By Jason Reid
In today's job market, organizations get dozens - if not hundreds - of resumes for every potential job available. When I was a manager I often had the role of taking a large stack of resumes and cover letters and quickly whittling them down to a handful of potential interviewees.
This is the stage where managers and HR people are actively looking for reasons, big or small, to reject people, in order to make that massive stack of papers more manageable.
Don't give them a reason to put your resume in the "do not call" pile.
The second reason why you shouldn't mention your chronic illness in a cover letter or resume is simple - it's too much information too soon.
To make an analogy, it's like offering someone an engagement ring before the first date.
You are putting the manager or HR person on the spot.
There may be many reasons, beyond your health challenges, why you are not the best person for the job.
But if the manager rejects your resume after you have told them that you are sick, they run the risk of seeming intolerant or insensitive.
They may feel you are trying to manipulate them or make them hire you out of guilt. You need to approach a prospective employer from a position of strength, not weakness.
Your resume and cover letter are your selling tools - think of them as an advertising brochure. These brochures describe the features of the product, and the high quality of the materials. They generally don't cover how often you'll have to clean it or how expensive the replacement parts are. They leave that for the after-sale.
Some people who are applying for certain jobs in the health care or non-profit fields may believe that their chronic health condition is relevant to their job. However, before you go throwing that information into your resume package think about whether this is really the right time to disclose your illness. Perhaps it would be more appropriate to bring up during the interview process.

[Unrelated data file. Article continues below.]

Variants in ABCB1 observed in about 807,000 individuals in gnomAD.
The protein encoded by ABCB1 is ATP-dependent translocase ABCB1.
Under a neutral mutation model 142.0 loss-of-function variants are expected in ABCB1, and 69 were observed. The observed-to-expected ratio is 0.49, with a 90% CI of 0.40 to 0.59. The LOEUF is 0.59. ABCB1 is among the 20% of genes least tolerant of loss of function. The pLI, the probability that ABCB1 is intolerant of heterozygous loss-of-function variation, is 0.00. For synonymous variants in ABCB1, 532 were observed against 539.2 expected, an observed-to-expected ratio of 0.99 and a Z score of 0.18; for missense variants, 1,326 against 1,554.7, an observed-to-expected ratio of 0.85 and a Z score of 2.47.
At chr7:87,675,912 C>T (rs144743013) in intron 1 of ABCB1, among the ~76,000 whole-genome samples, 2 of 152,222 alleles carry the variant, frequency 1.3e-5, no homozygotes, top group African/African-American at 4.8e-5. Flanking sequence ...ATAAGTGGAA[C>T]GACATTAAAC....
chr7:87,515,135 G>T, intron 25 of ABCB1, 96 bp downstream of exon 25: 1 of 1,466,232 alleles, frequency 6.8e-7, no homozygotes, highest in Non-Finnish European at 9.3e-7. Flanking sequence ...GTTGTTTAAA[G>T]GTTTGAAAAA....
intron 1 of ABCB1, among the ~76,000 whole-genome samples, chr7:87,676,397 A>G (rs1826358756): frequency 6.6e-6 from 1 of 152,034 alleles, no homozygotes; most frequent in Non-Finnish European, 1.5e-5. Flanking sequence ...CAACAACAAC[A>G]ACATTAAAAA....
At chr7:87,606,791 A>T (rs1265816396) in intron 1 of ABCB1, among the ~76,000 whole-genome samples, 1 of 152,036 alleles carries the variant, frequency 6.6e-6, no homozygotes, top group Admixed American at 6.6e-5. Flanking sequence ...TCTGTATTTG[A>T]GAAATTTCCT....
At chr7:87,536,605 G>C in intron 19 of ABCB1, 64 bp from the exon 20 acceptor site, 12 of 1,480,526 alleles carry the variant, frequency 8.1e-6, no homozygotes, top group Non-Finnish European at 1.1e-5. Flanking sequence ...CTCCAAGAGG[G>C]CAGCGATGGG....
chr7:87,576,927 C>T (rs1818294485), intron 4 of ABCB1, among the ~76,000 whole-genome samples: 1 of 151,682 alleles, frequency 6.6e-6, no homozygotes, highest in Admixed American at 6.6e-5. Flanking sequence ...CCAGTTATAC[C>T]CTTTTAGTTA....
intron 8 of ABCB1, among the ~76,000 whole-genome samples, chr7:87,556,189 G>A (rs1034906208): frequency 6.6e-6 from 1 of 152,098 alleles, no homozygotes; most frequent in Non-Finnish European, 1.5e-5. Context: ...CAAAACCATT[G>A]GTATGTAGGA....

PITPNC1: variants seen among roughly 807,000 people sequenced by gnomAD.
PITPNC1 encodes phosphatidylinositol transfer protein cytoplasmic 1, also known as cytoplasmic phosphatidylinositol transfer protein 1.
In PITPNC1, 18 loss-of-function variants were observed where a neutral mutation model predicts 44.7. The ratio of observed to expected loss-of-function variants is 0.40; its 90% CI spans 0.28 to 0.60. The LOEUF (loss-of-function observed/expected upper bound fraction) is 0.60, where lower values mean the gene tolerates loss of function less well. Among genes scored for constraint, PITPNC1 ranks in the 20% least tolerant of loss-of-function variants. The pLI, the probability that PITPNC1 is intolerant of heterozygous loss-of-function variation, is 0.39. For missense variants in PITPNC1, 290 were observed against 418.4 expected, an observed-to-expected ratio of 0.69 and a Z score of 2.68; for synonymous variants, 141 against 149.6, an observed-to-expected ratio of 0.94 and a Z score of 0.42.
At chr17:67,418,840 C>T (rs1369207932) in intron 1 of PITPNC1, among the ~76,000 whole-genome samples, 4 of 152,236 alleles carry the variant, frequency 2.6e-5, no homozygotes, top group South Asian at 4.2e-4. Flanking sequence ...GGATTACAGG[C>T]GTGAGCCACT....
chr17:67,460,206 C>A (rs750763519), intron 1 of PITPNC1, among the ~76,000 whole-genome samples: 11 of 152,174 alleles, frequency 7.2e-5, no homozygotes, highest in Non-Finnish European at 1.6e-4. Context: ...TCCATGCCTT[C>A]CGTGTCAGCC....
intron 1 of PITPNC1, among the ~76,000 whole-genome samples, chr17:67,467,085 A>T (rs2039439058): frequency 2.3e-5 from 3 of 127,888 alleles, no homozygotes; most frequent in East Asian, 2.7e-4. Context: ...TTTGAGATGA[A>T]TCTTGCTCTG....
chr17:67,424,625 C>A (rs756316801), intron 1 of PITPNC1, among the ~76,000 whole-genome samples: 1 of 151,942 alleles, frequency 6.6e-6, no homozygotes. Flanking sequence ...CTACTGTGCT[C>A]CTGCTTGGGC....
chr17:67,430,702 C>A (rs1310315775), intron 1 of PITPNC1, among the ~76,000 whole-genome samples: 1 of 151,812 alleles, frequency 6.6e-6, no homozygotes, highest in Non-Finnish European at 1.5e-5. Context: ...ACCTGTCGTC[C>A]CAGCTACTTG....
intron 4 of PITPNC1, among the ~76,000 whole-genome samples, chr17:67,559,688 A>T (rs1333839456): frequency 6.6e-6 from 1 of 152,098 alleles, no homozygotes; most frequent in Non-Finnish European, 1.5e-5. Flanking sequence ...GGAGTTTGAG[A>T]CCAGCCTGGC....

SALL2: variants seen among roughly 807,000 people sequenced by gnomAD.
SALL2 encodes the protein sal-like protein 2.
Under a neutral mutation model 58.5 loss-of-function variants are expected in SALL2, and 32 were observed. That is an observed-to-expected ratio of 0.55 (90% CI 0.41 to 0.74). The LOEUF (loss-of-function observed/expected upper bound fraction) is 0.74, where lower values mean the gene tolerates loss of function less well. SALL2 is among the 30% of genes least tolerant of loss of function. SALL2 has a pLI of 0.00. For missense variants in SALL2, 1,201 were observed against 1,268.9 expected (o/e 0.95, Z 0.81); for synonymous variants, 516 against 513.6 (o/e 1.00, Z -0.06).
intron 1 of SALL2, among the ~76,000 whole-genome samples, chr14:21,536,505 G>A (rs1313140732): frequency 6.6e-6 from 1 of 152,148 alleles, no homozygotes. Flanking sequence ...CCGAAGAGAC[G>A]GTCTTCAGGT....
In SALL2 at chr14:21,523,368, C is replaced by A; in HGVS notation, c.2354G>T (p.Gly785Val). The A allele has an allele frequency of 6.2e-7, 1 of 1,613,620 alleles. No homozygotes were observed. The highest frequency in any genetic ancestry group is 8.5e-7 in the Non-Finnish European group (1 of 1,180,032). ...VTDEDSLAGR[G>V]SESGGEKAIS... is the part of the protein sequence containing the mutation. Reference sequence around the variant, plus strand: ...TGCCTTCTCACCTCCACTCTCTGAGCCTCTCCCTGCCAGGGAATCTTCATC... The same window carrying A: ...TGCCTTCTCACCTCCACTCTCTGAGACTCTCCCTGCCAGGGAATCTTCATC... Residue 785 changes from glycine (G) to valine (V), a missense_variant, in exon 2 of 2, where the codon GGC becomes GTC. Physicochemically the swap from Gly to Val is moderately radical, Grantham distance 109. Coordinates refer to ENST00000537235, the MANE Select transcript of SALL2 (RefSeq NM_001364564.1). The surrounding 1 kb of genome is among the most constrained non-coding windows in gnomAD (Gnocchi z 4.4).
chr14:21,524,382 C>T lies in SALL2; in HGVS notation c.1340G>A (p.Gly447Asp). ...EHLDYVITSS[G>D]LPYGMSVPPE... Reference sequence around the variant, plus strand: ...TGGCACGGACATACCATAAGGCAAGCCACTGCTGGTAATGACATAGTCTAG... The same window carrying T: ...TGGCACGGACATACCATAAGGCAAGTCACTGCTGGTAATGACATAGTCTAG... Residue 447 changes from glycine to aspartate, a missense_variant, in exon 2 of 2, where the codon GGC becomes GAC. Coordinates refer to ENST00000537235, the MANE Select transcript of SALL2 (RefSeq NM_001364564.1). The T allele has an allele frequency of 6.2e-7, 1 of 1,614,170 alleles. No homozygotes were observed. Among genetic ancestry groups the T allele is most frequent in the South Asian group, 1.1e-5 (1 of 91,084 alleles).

If you do feel that disclosing your illness off the bat will increase your chances at the job, I suggest you do it in the cover letter rather than the resume if you can.
You'll also want to highlight the reason for your disclosure in a positive way. Remember, your illness itself is rarely a selling point. However, your positive reaction to the challenges that your illness brings might be relevant in a specific way (if you are applying to be a chronic illness counselor or coach for example).
As for other jobs, you will likely want to leave any discussion about your health for a more appropriate time.
If our short-term prognosis is stable then we should approach our job search with confidence, knowing that any prediction beyond that time-frame is actually unrealistic for anyone to make.
Jason Reid runs Sick with Success®, an organization committed to helping people with chronic illness, and their employers, become more productive. Jason's success as both a manager and a person with chronic illness gives him a unique perspective on how chronic health conditions affect organizations and their people. An award-winning former television news director, Jason is also a professionally trained coach and speaker. Jason is the author of Thriving in the Age of Chronic Illness - his new book, which is a guide for both employees with chronic health conditions and their managers. Follow Jason at SickWithSuccess.com.